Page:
Bram: I think more leaders should be owning that space. Take a step back, become the drone, look at the problem from the other person’s perspective, own the space, and don’t be emotional in your responses. And honestly, if leaders just did more of that, they’d be more successful at every level, from the junior level through to the C-suite.
Stephanie: It’s just making the time to have that space, isn’t it?
Bram: Yeah. But it doesn’t need to be hours and hours, yeah.
Stephanie: No, it doesn’t. Well, it’s that whole… And this gets to the cybersecurity conversation we had about and the bad guys just trying to get you to break your OODA loop that you observe and act.
Bram: Yeah. Interestingly, if you want to go down this rabbit warren for a moment?
Bram: I was playing around on Twitter last week. Tulsi Goddard, is it? Anyway, an American Democrat who I quite liked, I thought I’d tweet something about how I liked her position in the next American election there was a flood of responses on Twitter. They were great.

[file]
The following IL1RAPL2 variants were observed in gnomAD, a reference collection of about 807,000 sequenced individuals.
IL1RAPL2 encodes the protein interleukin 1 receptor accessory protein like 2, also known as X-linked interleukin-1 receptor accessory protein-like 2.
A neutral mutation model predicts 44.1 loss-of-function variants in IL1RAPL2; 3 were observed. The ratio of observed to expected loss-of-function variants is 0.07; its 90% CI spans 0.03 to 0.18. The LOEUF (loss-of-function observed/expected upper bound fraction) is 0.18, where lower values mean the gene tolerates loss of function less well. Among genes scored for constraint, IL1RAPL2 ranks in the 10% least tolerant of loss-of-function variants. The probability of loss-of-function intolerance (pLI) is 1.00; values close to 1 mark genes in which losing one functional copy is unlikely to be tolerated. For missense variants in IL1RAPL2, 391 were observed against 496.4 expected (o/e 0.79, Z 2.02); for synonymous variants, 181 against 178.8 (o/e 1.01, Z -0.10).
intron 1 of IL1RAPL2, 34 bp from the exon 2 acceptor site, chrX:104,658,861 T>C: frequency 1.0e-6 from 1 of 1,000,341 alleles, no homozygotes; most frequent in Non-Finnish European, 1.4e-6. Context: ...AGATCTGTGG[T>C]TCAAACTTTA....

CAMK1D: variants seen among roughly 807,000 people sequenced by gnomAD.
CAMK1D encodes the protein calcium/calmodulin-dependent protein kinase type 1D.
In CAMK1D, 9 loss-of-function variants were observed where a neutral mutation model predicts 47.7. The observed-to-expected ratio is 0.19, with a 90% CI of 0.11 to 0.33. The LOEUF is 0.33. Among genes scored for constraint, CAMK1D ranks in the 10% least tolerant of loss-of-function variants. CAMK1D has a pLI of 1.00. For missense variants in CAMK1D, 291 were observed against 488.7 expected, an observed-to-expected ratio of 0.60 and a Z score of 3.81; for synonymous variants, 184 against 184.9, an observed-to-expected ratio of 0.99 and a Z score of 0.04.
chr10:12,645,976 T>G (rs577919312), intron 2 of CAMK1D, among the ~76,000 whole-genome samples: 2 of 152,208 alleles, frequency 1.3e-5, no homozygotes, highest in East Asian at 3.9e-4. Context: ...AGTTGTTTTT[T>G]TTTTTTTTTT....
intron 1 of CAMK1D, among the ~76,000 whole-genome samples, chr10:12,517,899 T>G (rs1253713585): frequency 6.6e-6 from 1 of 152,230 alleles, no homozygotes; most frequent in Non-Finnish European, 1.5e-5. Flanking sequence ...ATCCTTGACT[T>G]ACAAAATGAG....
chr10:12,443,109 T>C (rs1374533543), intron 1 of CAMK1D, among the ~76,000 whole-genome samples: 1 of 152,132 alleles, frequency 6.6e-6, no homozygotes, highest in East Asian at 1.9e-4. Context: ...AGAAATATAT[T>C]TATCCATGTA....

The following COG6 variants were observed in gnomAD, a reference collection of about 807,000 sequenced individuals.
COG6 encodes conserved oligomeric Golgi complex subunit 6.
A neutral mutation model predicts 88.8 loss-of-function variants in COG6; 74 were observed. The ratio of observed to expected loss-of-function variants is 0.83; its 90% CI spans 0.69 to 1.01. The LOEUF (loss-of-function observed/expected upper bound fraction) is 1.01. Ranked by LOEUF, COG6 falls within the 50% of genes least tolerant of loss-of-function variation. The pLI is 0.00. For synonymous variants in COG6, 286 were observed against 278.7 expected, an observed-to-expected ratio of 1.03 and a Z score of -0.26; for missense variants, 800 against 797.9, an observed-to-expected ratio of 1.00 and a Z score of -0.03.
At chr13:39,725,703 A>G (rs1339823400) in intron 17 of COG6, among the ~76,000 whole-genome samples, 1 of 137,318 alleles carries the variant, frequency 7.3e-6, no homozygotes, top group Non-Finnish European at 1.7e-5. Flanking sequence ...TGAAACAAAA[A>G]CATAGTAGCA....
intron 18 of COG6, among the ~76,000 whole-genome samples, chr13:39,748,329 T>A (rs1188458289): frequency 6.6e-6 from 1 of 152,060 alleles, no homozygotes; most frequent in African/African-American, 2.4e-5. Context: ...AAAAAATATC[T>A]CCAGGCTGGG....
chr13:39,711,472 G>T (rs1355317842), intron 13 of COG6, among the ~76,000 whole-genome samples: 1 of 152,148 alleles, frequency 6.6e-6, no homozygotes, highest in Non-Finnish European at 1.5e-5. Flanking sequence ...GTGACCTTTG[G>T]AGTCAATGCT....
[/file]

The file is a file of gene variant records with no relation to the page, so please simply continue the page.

Bram: And then, you’ve got John Doe, we’ll call him from, from Suffolk who owns a pie shop and he weighs into the debate about American gun laws and the Second Amendment and all this garbage, but he doesn’t exist. There is no guy called that. That a state-sponsored tweet from another country that is conquering and dividing. And that’s what’s happening on social media now. It’s a cyberspace problem, but there’s this continual narrative being controlled by… They’ve realised how powerful this weapon is to divide us socially and that’s what’s occurring.
Stephanie: It’s really terrifying, isn’t it, when you know about it? So, back to positivity and back to my Long Tan movie that my husband’s not going to believe I was actually watching as intently as he’ll now hear. There was a bit when it all looked bad and it backed to one of the old movies where you’re really up against it in the fort and they pretended they had more soldiers. But it was looking bad and the guy, I’m sorry, I don’t even know his rank, just got back before his…
Stephanie: Thank you. And gave a speech and said, ‘This is who we are.’ You know?
Stephanie: What? It was great because I thought of Henry V naturally of, ‘Once more unto the breach, dear friends.’ You know?